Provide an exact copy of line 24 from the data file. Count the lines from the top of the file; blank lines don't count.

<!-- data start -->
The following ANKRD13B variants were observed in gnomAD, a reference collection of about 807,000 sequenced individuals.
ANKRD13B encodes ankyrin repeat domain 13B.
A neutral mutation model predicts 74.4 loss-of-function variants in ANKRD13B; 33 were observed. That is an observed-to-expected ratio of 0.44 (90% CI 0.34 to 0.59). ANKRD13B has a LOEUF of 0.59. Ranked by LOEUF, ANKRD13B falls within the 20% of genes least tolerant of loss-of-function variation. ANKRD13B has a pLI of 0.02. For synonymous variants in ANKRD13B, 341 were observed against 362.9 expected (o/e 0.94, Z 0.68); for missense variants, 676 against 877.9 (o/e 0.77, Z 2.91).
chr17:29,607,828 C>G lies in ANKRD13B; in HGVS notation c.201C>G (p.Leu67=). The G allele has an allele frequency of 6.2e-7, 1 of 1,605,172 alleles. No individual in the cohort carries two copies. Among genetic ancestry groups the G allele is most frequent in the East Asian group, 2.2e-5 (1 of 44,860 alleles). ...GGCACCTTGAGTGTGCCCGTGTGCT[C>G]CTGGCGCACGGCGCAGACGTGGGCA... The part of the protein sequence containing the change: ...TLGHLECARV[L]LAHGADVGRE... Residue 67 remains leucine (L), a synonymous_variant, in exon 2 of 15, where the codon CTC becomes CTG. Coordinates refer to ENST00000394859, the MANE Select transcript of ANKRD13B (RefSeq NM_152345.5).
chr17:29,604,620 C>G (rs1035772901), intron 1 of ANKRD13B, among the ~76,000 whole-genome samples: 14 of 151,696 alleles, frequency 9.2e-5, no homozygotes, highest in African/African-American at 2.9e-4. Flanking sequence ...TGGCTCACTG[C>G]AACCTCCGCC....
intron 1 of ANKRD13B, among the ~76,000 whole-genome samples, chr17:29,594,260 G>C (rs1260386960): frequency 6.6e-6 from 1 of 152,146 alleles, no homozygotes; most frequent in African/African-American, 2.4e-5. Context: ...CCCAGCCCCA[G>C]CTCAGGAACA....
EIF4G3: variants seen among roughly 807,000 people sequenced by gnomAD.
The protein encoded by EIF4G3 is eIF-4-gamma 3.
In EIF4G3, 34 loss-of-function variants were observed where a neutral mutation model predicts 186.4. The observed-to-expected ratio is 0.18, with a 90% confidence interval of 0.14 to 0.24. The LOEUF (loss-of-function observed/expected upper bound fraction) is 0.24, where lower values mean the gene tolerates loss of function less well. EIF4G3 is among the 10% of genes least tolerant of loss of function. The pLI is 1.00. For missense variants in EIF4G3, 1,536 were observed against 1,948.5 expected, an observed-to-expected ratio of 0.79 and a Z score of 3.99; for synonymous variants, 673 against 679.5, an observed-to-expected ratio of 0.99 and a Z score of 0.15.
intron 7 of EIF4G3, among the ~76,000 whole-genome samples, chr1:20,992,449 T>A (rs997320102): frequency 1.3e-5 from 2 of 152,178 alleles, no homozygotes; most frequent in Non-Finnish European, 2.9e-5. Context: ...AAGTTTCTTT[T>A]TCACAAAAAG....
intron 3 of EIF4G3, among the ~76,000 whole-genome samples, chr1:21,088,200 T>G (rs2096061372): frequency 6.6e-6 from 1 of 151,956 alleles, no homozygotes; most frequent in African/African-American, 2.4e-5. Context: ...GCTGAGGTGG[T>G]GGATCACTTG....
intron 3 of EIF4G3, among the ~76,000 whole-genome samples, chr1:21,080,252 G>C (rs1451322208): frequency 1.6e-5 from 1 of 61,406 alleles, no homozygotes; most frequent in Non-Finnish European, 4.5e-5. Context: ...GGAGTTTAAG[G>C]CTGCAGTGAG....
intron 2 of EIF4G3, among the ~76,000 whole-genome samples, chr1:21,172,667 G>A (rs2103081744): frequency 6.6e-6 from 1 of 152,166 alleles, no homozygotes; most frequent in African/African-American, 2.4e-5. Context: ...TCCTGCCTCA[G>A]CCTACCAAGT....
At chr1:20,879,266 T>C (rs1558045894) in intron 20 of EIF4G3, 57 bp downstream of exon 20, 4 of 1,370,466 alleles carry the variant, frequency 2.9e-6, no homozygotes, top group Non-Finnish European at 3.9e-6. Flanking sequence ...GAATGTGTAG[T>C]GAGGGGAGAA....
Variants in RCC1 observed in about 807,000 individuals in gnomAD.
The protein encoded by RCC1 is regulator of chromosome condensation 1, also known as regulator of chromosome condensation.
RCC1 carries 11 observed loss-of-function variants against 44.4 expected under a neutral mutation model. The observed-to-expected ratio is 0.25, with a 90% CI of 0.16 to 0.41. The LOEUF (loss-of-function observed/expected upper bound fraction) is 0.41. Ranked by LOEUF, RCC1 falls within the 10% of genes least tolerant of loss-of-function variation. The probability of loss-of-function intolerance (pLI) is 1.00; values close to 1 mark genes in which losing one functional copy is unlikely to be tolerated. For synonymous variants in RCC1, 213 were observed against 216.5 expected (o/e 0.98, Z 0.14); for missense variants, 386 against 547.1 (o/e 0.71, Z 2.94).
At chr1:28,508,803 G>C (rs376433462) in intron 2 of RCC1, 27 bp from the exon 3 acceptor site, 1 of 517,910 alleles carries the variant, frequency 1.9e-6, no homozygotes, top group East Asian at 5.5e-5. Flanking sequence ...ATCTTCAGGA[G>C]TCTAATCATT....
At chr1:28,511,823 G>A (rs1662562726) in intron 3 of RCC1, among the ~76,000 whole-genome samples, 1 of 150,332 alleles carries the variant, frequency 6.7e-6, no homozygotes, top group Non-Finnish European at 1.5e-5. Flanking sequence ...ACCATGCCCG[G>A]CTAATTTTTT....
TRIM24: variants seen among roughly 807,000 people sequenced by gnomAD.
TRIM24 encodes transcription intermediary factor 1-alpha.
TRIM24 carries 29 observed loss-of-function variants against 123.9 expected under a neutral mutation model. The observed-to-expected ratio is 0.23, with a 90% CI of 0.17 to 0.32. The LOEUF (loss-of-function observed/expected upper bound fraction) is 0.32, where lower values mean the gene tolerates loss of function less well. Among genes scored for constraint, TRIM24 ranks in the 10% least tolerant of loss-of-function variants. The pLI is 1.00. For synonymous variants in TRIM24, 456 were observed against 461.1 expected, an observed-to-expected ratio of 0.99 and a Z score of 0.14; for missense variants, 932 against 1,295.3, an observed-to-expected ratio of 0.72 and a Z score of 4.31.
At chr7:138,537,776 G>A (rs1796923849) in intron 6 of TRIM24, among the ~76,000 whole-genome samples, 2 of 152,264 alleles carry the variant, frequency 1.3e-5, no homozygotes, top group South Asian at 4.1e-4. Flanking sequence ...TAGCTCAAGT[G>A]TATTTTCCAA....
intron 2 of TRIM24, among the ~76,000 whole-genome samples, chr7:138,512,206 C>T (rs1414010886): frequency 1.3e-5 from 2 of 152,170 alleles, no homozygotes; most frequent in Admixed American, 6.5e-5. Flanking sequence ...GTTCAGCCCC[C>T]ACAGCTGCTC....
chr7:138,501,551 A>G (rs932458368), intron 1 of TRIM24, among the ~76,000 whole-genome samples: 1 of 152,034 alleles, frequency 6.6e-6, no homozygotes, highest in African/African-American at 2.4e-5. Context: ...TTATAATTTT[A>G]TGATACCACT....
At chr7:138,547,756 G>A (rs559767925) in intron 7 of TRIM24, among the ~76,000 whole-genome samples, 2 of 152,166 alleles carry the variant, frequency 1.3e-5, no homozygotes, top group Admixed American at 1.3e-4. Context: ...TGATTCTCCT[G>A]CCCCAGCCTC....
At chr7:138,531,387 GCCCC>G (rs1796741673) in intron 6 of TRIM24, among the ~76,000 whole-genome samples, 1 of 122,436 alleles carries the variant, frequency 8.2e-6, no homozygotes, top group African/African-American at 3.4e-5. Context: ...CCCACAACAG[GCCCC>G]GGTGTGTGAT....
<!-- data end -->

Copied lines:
intron 2 of TRIM24, among the ~76,000 whole-genome samples, chr7:138,512,206 C>T (rs1414010886): frequency 1.3e-5 from 2 of 152,170 alleles, no homozygotes; most frequent in Admixed American, 6.5e-5. Flanking sequence ...GTTCAGCCCC[C>T]ACAGCTGCTC....